Braveheart Favors the EU
Chatham House, the London-based think tank, has uncovered a fascinating and important change in Scottish attitudes that just thinking about independence appears to have produced -- suddenly, they like and value the European Union a lot more.
According to a series of surveys conducted by the polling agency YouGov and analyzed by Chatham House, net support among Scots for EU membership almost tripled, to 35 percent from 13 percent, between February and August of this year. That roughly coincides with the period of active campaigning for Scotland's independence referendum, which takes place on Thursday.
The chart below shows how opinions on Europe have changed in five U.K. regions -- Scotland, London, the rest of the South, the Midlands and Wales, and the North. In general, London and Scotland have been significantly more positive about the EU than the other three. Yet, after tracking London almost exactly until February, Scottish enthusiasm has surged, climbing to 59 percent in favor of staying in the EU, against 24 percent for leaving. Six months ago, those figures were 44 percent and 31 percent, respectively.
This data comes with a health warning: the survey sample across the U.K. was of 2,059 people, meaning that the sample for Scotland on its own is small (about 200 people) and therefore subject to a large margin of error. Even that doesn't explain such a huge change.
I deduce two things from this. The first is that if you are a small nation of bit more than 5 million people, about to take a very large risk by heading out alone with uncertain currency, fiscal, resource and debt positions, EU membership offers continuity, reassurance and security. Scots who plan to vote for independence would naturally rethink the benefits of the EU and want to stay in it.
YouGov asked respondents to say which of 14 attributes, some positive and some negative, they associated with the EU. For the South of England (excluding pro-Europe London), the responses were all negative: Bureaucracy, loss of national power, lack of border security, wasting money and undermining national culture. For Scots, the responses were positive, by three out of five: Freedom to live anywhere in Europe, protection of citizens' rights, and peace and security, versus bureaucracy and loss of national power.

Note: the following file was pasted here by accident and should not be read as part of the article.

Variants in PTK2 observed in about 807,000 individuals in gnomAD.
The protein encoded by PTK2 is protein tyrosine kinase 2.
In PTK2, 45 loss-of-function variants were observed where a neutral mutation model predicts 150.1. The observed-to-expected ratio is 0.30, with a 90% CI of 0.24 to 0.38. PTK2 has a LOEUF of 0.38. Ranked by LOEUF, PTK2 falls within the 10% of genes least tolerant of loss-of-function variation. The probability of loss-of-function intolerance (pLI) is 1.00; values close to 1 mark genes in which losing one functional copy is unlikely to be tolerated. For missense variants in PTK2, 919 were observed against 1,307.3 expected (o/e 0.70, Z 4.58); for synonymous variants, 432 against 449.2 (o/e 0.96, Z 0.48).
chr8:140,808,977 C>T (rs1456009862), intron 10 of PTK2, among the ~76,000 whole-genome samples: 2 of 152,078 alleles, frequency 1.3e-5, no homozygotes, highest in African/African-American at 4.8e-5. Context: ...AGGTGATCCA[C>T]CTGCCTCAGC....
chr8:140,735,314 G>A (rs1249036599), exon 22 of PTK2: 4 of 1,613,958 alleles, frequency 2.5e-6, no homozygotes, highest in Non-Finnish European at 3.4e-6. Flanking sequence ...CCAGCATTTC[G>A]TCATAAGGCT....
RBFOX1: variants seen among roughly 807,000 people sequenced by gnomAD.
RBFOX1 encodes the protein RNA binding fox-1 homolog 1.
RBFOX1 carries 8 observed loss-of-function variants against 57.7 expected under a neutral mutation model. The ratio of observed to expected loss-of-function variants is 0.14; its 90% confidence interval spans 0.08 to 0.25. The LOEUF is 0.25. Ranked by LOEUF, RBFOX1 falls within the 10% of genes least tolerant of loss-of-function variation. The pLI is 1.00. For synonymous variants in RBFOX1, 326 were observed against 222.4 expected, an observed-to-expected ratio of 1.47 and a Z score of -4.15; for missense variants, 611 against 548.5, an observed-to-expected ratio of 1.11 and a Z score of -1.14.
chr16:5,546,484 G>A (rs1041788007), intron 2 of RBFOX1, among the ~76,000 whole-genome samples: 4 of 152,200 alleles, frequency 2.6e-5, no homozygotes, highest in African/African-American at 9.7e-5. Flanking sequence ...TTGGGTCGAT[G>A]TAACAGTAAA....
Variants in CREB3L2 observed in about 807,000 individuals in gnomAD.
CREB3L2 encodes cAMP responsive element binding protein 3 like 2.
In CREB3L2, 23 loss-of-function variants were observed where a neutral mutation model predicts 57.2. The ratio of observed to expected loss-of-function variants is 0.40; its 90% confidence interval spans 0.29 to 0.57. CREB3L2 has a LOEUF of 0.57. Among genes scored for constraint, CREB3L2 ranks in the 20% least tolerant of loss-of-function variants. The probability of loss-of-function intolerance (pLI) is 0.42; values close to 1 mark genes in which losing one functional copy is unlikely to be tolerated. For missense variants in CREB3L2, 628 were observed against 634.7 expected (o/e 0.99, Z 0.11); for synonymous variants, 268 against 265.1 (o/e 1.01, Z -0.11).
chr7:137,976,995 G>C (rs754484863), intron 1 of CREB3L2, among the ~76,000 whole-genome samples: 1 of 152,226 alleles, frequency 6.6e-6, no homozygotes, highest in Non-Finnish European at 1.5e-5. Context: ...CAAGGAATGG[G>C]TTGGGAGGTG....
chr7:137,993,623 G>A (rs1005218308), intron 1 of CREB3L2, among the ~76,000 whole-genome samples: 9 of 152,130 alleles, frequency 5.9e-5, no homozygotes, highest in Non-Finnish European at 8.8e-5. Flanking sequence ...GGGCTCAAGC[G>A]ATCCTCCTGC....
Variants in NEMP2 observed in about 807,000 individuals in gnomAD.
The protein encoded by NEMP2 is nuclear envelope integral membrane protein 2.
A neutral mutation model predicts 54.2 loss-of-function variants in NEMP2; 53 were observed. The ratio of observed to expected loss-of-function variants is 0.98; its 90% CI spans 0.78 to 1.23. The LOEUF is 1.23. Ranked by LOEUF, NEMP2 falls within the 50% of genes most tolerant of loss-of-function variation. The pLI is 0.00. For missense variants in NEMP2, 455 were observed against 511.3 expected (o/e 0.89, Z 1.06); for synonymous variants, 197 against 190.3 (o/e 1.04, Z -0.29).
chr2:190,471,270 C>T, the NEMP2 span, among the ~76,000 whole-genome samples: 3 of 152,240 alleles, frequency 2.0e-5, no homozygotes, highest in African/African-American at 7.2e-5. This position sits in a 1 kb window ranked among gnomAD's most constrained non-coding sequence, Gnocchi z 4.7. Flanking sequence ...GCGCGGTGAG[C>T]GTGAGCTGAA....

My second conclusion is that attitudes towards the EU are mostly to do with how people feel about their own, national situations, which are then projected onto the EU -- and these sentiments can change quickly. Having promised Britons a referendum on staying in the EU by 2017, Prime Minister David Cameron has to hope for two things if he really does -- as he says -- want the U.K. to continue in the bloc.
One is that Scotland votes to remain part of the U.K. on Thursday. The YouGov surveys suggest the Scottish referendum has created a much bigger pro-EU margin among voters, by forcing them to think seriously about the alliance's pros, as well as cons. As of August, according to the YouGov survey, 40 percent of Britons would vote to stay in the EU and 39 percent to leave, with the rest undecided. Strip the 59 percent of pro-EU Scots out of those figures and the knife-edge margin in favor of membership turns negative. Of course, whether Scotland's newfound love for the EU would survive a "No" vote on independence is unknown, but I suspect at least some of it would.
Cameron's other hope is to find a shock, akin to the prospect of independence for Scots, which would force English and Welsh voters to also reconsider the benefits as well as the drawbacks of being part of a regional union with 27 other countries. It's possible that a Scottish secession could produce just such a humbling jolt; I suspect, though, it would instead force the English into an angry, isolationist funk.
So, assuming there are still some proponents of the EU out there -- ideas? Anyone?
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To contact the author on this story:
Marc Champion at firstname.lastname@example.org